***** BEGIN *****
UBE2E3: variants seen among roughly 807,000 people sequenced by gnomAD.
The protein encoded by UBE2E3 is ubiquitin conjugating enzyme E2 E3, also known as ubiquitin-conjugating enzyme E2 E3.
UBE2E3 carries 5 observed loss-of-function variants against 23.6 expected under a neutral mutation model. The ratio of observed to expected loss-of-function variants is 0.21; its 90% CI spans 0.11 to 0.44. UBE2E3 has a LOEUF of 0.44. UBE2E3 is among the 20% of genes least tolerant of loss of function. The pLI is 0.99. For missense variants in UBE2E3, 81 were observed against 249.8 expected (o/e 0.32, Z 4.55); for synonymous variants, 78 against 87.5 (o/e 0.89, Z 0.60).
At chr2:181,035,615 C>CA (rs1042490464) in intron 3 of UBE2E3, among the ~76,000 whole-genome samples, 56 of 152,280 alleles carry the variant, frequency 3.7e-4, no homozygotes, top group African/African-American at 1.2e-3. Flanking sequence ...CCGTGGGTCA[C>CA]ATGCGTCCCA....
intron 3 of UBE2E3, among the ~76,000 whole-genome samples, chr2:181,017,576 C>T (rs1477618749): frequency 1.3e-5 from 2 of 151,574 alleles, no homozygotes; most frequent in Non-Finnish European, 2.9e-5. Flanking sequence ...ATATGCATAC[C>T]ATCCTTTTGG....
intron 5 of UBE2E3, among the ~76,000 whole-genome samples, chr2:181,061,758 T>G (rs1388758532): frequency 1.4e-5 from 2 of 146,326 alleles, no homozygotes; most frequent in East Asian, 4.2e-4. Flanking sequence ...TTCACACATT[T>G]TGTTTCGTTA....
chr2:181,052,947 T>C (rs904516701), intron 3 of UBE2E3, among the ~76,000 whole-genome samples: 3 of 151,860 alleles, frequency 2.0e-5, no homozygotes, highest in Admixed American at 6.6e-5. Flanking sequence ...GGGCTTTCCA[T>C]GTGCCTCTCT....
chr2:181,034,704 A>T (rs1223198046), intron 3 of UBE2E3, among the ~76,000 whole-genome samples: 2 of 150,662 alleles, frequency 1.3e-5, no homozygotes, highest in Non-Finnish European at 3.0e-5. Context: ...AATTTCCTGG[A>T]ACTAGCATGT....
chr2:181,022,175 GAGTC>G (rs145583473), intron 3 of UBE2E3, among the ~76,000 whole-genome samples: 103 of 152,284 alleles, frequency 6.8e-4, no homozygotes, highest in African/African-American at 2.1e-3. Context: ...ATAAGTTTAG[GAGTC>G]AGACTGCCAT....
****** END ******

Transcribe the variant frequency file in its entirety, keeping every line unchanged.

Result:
UBE2E3: variants seen among roughly 807,000 people sequenced by gnomAD.
The protein encoded by UBE2E3 is ubiquitin conjugating enzyme E2 E3, also known as ubiquitin-conjugating enzyme E2 E3.
UBE2E3 carries 5 observed loss-of-function variants against 23.6 expected under a neutral mutation model. The ratio of observed to expected loss-of-function variants is 0.21; its 90% CI spans 0.11 to 0.44. UBE2E3 has a LOEUF of 0.44. UBE2E3 is among the 20% of genes least tolerant of loss of function. The pLI is 0.99. For missense variants in UBE2E3, 81 were observed against 249.8 expected (o/e 0.32, Z 4.55); for synonymous variants, 78 against 87.5 (o/e 0.89, Z 0.60).
At chr2:181,035,615 C>CA (rs1042490464) in intron 3 of UBE2E3, among the ~76,000 whole-genome samples, 56 of 152,280 alleles carry the variant, frequency 3.7e-4, no homozygotes, top group African/African-American at 1.2e-3. Flanking sequence ...CCGTGGGTCA[C>CA]ATGCGTCCCA....
intron 3 of UBE2E3, among the ~76,000 whole-genome samples, chr2:181,017,576 C>T (rs1477618749): frequency 1.3e-5 from 2 of 151,574 alleles, no homozygotes; most frequent in Non-Finnish European, 2.9e-5. Flanking sequence ...ATATGCATAC[C>T]ATCCTTTTGG....
intron 5 of UBE2E3, among the ~76,000 whole-genome samples, chr2:181,061,758 T>G (rs1388758532): frequency 1.4e-5 from 2 of 146,326 alleles, no homozygotes; most frequent in East Asian, 4.2e-4. Flanking sequence ...TTCACACATT[T>G]TGTTTCGTTA....
chr2:181,052,947 T>C (rs904516701), intron 3 of UBE2E3, among the ~76,000 whole-genome samples: 3 of 151,860 alleles, frequency 2.0e-5, no homozygotes, highest in Admixed American at 6.6e-5. Flanking sequence ...GGGCTTTCCA[T>C]GTGCCTCTCT....
chr2:181,034,704 A>T (rs1223198046), intron 3 of UBE2E3, among the ~76,000 whole-genome samples: 2 of 150,662 alleles, frequency 1.3e-5, no homozygotes, highest in Non-Finnish European at 3.0e-5. Context: ...AATTTCCTGG[A>T]ACTAGCATGT....
chr2:181,022,175 GAGTC>G (rs145583473), intron 3 of UBE2E3, among the ~76,000 whole-genome samples: 103 of 152,284 alleles, frequency 6.8e-4, no homozygotes, highest in African/African-American at 2.1e-3. Context: ...ATAAGTTTAG[GAGTC>G]AGACTGCCAT....